Halfway through a semester, the website offering key content for a course on HTML, the language designed to represent webpages, went down, leaving professors at Durham College in Oshawa, Ontario, Canada, with the challenge of finding replacement course material.
As Brandon Carson, Learning Technologist Specialist and part-time Professor, undertook the redevelopment of thecourse, his Manager, Briar Jamieson, suggested integrating open educational resources (OER). Throughout his studies, Professor Carson had positive experiences with OER. In particular, two of his professors, in the at University of Ontario Institute of Technology and Dr. Elizabeth Childs in the at Royal Roads University in British Columbia, encouraged and modelled the use of OER in their courses and teaching.
HTML Introduction is offered in three programs at Durham College: Website Creation and Design (Certificate); Business - Entrepreneurship and Small Business (Two-Year Diploma); and The eLearning Developer certificate program is offered through , a consortium of Ontario’s 24 public colleges who partner to share more than 1,200 online courses and several online programs to make them accessible to students across the province and beyond.
Professor Carson searched the web for quality open educational resources applicable to the course and encountered some difficulties, such as dated content. For example, students need to design for desktop and laptop computers, tablets and smartphones, and some of the content was not current enough to include all formats.
On, the free software community site, he found course content that met all of his requirements:
- Developed and constantly updated by industry leaders;
- Included formative exercises with feedback are integrated into all material; and
- Could be copied and pasted for storage within the Durham College learning management system (LMS).>
The Mozilla content is available with Creative Commons licensing so it can be used with attribution and modified, free of charge.
A detailed review of the Mozilla content revealed about a 95% match with the learning outcomes of the Durham course. Professor Carson then organized the open content into an online course structure for each weekly lesson featuring:
- Overview of content to be covered;>
- Learning objectives;
- Links to weekly readings;
- Discussion activities;
- List of assessments and due dates;
- Instructions on moving forward into content, including reflective questions to guide the learning;
- Content, including formative learning exercises in which students enter their own HTML code. The code appears in real time as they enter it and they can repeat exercises as often as they wish. Each exercise also offers a link to the solution;
- Summary statement outlining what student should have learned in this lesson;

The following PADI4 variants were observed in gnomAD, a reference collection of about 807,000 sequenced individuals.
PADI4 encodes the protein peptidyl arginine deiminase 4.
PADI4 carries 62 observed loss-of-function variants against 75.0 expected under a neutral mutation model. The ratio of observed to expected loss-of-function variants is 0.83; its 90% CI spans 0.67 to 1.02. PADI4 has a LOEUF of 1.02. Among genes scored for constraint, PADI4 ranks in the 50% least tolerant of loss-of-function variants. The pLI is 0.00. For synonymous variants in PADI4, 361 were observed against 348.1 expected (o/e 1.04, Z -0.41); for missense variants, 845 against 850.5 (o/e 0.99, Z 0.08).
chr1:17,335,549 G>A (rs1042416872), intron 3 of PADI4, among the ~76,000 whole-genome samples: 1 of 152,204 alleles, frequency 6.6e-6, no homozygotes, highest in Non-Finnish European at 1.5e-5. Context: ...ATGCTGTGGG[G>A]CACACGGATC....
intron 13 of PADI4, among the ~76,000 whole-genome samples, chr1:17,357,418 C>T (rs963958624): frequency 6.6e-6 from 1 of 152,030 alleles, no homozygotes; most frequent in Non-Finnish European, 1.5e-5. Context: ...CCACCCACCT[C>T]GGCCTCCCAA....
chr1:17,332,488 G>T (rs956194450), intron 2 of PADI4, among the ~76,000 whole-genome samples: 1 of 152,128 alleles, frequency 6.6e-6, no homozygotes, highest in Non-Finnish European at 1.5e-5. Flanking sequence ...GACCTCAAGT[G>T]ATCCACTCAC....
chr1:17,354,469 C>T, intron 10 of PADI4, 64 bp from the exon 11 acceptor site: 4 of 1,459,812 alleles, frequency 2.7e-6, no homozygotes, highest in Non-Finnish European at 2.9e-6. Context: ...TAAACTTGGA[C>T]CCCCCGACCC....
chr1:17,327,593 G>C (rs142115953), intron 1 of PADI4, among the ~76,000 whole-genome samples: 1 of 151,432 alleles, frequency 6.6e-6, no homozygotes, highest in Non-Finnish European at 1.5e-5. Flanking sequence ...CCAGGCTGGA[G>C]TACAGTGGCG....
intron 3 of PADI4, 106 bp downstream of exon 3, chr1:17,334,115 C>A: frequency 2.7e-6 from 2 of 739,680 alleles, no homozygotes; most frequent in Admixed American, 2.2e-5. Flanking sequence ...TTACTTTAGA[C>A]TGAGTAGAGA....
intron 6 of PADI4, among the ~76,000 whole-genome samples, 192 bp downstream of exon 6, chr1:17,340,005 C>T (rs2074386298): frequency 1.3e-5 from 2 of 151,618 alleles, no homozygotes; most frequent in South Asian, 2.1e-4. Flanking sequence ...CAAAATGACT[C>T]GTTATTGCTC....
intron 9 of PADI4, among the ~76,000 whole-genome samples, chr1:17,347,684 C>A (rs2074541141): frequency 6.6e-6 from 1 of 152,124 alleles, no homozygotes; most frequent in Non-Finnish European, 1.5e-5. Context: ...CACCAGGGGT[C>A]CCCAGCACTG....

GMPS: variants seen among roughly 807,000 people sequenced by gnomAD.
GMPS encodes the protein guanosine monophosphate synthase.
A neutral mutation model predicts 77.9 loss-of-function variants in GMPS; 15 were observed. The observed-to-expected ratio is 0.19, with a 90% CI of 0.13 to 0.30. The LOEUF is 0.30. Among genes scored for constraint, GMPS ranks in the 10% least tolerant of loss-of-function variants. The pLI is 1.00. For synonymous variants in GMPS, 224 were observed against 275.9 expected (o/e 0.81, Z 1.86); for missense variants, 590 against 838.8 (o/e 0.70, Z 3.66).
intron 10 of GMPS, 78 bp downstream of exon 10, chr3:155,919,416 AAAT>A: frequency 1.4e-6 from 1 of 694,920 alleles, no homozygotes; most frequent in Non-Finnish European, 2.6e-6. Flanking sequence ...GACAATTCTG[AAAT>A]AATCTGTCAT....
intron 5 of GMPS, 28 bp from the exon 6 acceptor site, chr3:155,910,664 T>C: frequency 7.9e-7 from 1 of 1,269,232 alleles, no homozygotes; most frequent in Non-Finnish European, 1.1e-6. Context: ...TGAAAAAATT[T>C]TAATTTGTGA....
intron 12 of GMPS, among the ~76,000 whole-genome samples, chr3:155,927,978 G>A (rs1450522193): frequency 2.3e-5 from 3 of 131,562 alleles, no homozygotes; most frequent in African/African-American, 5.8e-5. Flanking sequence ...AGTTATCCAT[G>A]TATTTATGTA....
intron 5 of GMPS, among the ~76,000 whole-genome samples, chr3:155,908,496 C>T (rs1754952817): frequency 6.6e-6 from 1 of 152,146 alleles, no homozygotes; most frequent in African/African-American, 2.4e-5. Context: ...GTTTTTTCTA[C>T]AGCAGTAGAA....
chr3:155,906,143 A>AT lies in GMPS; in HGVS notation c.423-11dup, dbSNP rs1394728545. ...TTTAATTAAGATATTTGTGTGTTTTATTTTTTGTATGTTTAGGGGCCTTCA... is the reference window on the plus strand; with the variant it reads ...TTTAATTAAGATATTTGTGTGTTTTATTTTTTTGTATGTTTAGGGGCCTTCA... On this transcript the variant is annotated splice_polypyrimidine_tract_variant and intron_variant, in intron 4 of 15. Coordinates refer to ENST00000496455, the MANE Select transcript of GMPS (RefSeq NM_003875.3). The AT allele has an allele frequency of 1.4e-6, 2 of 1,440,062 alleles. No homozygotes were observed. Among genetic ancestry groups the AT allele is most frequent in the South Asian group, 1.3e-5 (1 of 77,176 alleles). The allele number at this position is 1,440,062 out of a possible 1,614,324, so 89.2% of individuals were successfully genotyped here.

- Assessment and due dates reminder; and
- Preview of next week’s learning and upcoming assignments.
Summative assessments were created by Professor Carson and are marked by professors.
The screen shot below features a page of the Mozilla content.
Benefits and Outcomes
Professor Carson, as the course designer, met with the professors planning to offer the course. They reviewed the materials during development and appreciated the content currency, formative exercises, and its continued accessibility due to its presence on the college LMS.
Currency is maintained by reviewing Mozilla content each semester to ascertain if any course content on the Durham LMS needs replacing or updating.
As all materials are available online, there is no need for a course textbook.
Challenges and Enhancements
During the first offering of the course through OntarioLearn, a student used a variety of social media to accuse Professor Carson, as the course developer, of stealing all the course content from the web and claiming it as his own. The student did not understand why they had to pay a fee for stolen materials. The complaint was quickly resolved, offering clear explanations of the purpose of OER and its educational value. Other students responded to the initial complaints on the course discussion board to support the use and quality of OER and the purpose of different copyright options.
From this experience, Professor Carson developed suggestions for anyone using OER
- Provide clear and detailed information for students on the purpose and benefits of OER;
- Provide information on OER to all those involved in the development process, including management and administrative staff;
- Develop an institutional policy on use of OER; and
- Develop a network of OER users, inside and outside the institution.>
Professor Carson strongly supports the potential for colleges and universities to adopt open education approaches, using them as an opportunity to make learning more accessible to all students and the learning environment more equitable.
For Further Information
Learning Technologies Specialist
Centre for Academic and Faculty Enrichment (CAFE)
School of Media, Art & Design
Oshawa, Ontario, Canada